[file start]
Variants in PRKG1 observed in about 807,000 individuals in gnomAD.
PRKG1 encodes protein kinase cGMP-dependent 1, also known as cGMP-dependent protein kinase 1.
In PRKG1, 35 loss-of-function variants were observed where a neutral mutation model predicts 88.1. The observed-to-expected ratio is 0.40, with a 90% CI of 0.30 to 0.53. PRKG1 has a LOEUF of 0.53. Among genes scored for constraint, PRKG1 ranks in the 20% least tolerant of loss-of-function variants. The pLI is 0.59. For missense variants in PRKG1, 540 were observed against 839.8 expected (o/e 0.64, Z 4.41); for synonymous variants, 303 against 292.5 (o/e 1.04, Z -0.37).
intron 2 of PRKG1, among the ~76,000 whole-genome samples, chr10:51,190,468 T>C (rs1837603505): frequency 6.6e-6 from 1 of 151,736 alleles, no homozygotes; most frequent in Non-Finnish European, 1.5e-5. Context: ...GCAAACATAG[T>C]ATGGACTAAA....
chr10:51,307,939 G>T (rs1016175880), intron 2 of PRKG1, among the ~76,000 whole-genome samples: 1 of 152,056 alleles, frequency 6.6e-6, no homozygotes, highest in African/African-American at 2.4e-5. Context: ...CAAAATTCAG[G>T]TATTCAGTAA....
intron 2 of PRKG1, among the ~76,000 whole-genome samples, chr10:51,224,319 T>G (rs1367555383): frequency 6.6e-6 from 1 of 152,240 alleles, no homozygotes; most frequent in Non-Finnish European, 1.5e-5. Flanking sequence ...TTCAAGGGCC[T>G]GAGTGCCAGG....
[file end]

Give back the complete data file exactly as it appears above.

Variants in PRKG1 observed in about 807,000 individuals in gnomAD.
PRKG1 encodes protein kinase cGMP-dependent 1, also known as cGMP-dependent protein kinase 1.
In PRKG1, 35 loss-of-function variants were observed where a neutral mutation model predicts 88.1. The observed-to-expected ratio is 0.40, with a 90% CI of 0.30 to 0.53. PRKG1 has a LOEUF of 0.53. Among genes scored for constraint, PRKG1 ranks in the 20% least tolerant of loss-of-function variants. The pLI is 0.59. For missense variants in PRKG1, 540 were observed against 839.8 expected (o/e 0.64, Z 4.41); for synonymous variants, 303 against 292.5 (o/e 1.04, Z -0.37).
intron 2 of PRKG1, among the ~76,000 whole-genome samples, chr10:51,190,468 T>C (rs1837603505): frequency 6.6e-6 from 1 of 151,736 alleles, no homozygotes; most frequent in Non-Finnish European, 1.5e-5. Context: ...GCAAACATAG[T>C]ATGGACTAAA....
chr10:51,307,939 G>T (rs1016175880), intron 2 of PRKG1, among the ~76,000 whole-genome samples: 1 of 152,056 alleles, frequency 6.6e-6, no homozygotes, highest in African/African-American at 2.4e-5. Context: ...CAAAATTCAG[G>T]TATTCAGTAA....
intron 2 of PRKG1, among the ~76,000 whole-genome samples, chr10:51,224,319 T>G (rs1367555383): frequency 6.6e-6 from 1 of 152,240 alleles, no homozygotes; most frequent in Non-Finnish European, 1.5e-5. Flanking sequence ...TTCAAGGGCC[T>G]GAGTGCCAGG....